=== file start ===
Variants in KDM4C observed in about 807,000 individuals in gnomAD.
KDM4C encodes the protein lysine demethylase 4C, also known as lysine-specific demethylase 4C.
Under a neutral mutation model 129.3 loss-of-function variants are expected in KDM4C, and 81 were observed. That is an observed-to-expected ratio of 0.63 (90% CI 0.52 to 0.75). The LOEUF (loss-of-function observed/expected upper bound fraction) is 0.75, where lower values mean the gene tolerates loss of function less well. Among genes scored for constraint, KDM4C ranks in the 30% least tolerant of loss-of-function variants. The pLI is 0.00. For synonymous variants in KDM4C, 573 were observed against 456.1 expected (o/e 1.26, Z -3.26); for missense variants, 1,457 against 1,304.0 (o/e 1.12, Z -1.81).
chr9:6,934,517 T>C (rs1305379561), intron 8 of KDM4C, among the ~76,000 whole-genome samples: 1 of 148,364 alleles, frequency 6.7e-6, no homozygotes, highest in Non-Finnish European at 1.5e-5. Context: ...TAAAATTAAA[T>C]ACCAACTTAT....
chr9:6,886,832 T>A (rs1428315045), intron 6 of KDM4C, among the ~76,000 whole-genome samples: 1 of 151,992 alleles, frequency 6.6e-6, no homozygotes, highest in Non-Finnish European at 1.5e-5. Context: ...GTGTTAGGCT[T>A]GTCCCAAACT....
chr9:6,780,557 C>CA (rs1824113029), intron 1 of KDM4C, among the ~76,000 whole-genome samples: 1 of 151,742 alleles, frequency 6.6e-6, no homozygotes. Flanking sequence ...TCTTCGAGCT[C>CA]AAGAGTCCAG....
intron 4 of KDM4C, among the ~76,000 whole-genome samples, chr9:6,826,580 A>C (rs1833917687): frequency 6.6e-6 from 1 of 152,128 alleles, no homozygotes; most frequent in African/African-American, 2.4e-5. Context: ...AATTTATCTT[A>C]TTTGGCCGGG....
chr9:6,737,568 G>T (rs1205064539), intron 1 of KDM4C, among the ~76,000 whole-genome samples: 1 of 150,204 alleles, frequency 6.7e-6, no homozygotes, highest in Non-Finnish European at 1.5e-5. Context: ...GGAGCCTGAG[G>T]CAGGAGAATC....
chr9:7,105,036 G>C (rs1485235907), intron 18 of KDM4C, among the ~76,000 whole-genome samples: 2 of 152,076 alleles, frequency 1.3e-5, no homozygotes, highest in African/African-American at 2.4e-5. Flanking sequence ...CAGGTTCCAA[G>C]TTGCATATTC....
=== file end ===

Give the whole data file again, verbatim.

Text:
Variants in KDM4C observed in about 807,000 individuals in gnomAD.
KDM4C encodes the protein lysine demethylase 4C, also known as lysine-specific demethylase 4C.
Under a neutral mutation model 129.3 loss-of-function variants are expected in KDM4C, and 81 were observed. That is an observed-to-expected ratio of 0.63 (90% CI 0.52 to 0.75). The LOEUF (loss-of-function observed/expected upper bound fraction) is 0.75, where lower values mean the gene tolerates loss of function less well. Among genes scored for constraint, KDM4C ranks in the 30% least tolerant of loss-of-function variants. The pLI is 0.00. For synonymous variants in KDM4C, 573 were observed against 456.1 expected (o/e 1.26, Z -3.26); for missense variants, 1,457 against 1,304.0 (o/e 1.12, Z -1.81).
chr9:6,934,517 T>C (rs1305379561), intron 8 of KDM4C, among the ~76,000 whole-genome samples: 1 of 148,364 alleles, frequency 6.7e-6, no homozygotes, highest in Non-Finnish European at 1.5e-5. Context: ...TAAAATTAAA[T>C]ACCAACTTAT....
chr9:6,886,832 T>A (rs1428315045), intron 6 of KDM4C, among the ~76,000 whole-genome samples: 1 of 151,992 alleles, frequency 6.6e-6, no homozygotes, highest in Non-Finnish European at 1.5e-5. Context: ...GTGTTAGGCT[T>A]GTCCCAAACT....
chr9:6,780,557 C>CA (rs1824113029), intron 1 of KDM4C, among the ~76,000 whole-genome samples: 1 of 151,742 alleles, frequency 6.6e-6, no homozygotes. Flanking sequence ...TCTTCGAGCT[C>CA]AAGAGTCCAG....
intron 4 of KDM4C, among the ~76,000 whole-genome samples, chr9:6,826,580 A>C (rs1833917687): frequency 6.6e-6 from 1 of 152,128 alleles, no homozygotes; most frequent in African/African-American, 2.4e-5. Context: ...AATTTATCTT[A>C]TTTGGCCGGG....
chr9:6,737,568 G>T (rs1205064539), intron 1 of KDM4C, among the ~76,000 whole-genome samples: 1 of 150,204 alleles, frequency 6.7e-6, no homozygotes, highest in Non-Finnish European at 1.5e-5. Context: ...GGAGCCTGAG[G>T]CAGGAGAATC....
chr9:7,105,036 G>C (rs1485235907), intron 18 of KDM4C, among the ~76,000 whole-genome samples: 2 of 152,076 alleles, frequency 1.3e-5, no homozygotes, highest in African/African-American at 2.4e-5. Flanking sequence ...CAGGTTCCAA[G>C]TTGCATATTC....